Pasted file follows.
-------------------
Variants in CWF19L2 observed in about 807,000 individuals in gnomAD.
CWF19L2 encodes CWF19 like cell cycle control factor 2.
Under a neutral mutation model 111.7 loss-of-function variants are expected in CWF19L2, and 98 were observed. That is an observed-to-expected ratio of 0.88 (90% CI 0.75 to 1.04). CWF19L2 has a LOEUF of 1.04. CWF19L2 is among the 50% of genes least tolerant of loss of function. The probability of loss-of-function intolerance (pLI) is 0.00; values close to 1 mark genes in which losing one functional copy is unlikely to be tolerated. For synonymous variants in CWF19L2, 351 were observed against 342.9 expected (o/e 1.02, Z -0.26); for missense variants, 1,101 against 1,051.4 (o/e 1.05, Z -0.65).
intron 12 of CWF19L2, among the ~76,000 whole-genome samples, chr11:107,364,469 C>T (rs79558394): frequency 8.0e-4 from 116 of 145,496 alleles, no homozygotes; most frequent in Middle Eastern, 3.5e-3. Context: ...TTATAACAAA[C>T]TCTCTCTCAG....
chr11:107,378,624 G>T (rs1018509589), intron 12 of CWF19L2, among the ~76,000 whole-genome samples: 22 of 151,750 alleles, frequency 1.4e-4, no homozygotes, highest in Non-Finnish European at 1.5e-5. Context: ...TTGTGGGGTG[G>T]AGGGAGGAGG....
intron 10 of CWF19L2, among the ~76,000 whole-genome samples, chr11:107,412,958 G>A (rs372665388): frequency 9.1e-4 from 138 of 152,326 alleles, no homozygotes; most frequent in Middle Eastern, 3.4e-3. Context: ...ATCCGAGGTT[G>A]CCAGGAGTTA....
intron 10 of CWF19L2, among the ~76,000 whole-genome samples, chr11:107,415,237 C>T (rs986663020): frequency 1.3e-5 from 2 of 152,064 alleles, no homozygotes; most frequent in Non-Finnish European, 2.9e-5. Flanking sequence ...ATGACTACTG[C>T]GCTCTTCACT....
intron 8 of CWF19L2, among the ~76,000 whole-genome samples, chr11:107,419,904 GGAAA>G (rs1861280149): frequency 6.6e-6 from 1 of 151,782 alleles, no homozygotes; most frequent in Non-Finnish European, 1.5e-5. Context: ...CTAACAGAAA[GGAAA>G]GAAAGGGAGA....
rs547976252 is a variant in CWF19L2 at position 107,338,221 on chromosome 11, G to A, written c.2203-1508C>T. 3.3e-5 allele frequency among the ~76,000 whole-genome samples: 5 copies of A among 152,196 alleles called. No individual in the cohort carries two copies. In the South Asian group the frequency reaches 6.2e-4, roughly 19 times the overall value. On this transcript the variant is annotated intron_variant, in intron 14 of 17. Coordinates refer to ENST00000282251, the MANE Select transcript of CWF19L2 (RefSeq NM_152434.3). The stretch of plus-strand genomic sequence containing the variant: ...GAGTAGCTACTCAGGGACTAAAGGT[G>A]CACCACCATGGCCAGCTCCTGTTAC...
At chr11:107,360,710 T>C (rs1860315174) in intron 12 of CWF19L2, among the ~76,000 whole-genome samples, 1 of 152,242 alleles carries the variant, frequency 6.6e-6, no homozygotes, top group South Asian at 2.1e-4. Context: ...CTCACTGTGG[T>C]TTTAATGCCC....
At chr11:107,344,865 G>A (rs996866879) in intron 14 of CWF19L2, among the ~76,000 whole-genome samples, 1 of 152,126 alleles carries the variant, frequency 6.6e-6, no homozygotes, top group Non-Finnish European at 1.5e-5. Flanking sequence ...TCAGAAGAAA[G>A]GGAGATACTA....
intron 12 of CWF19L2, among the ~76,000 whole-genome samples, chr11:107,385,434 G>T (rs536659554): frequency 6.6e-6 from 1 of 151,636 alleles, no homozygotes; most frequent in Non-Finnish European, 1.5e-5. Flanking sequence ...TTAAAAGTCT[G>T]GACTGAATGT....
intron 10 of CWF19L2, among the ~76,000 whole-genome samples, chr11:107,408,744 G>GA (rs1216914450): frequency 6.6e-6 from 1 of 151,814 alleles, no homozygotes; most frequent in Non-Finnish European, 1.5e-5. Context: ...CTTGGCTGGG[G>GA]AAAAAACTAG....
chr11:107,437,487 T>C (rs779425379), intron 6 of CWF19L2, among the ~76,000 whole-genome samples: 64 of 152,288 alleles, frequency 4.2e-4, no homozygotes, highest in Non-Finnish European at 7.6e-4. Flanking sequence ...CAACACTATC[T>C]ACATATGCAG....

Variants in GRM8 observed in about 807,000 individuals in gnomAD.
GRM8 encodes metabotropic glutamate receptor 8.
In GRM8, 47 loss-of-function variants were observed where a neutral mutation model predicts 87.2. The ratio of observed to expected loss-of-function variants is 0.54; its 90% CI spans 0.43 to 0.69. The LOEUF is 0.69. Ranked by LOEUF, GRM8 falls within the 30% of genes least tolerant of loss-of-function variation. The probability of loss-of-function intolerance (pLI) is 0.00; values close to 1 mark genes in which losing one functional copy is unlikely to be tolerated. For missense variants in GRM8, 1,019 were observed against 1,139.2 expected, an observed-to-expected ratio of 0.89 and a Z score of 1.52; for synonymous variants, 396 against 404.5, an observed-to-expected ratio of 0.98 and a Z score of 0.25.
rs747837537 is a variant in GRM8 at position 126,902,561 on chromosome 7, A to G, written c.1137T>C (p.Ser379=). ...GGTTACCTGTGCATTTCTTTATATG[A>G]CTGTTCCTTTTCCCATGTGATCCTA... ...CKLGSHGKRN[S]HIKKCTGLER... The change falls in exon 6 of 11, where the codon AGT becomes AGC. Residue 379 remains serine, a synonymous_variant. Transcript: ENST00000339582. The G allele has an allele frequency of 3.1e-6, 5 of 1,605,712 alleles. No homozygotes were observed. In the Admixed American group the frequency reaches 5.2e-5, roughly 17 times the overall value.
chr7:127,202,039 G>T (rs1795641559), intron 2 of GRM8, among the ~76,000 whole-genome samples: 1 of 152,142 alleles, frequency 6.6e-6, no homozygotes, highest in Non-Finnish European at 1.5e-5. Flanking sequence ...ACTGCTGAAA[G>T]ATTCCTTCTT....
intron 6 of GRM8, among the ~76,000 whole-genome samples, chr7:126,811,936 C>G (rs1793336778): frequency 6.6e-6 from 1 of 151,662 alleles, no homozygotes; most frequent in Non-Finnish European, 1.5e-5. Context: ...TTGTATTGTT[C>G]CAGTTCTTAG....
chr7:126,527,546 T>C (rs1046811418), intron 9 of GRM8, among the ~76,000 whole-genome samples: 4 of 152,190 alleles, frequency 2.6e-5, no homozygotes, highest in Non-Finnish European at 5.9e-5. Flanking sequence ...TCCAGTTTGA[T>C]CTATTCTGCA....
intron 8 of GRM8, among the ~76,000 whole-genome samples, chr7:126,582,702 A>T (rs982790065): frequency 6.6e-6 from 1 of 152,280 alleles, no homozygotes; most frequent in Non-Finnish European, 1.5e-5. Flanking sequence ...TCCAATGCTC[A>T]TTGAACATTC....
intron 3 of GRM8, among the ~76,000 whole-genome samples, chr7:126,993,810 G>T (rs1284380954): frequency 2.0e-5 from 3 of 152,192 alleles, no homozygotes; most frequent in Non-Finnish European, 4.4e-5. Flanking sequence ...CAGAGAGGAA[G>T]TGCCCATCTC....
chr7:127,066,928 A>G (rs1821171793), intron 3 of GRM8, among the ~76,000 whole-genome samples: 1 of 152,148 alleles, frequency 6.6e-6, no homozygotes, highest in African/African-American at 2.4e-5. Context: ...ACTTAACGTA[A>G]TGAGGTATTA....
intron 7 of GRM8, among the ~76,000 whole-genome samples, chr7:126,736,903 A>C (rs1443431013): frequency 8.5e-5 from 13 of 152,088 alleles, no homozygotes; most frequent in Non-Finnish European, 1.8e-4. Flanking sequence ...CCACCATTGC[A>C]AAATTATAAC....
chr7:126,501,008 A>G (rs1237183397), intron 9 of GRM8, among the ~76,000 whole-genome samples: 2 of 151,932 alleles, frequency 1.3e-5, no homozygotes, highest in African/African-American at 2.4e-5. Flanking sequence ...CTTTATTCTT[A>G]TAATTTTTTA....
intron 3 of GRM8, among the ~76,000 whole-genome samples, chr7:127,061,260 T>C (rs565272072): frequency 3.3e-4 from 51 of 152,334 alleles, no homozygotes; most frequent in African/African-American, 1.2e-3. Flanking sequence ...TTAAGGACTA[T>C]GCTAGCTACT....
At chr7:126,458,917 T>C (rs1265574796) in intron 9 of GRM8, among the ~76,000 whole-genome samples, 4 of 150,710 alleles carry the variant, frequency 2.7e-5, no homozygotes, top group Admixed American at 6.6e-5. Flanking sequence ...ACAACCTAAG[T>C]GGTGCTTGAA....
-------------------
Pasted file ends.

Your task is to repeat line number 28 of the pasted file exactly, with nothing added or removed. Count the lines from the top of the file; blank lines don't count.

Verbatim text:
At chr7:126,458,917 T>C (rs1265574796) in intron 9 of GRM8, among the ~76,000 whole-genome samples, 4 of 150,710 alleles carry the variant, frequency 2.7e-5, no homozygotes, top group Admixed American at 6.6e-5. Flanking sequence ...ACAACCTAAG[T>C]GGTGCTTGAA....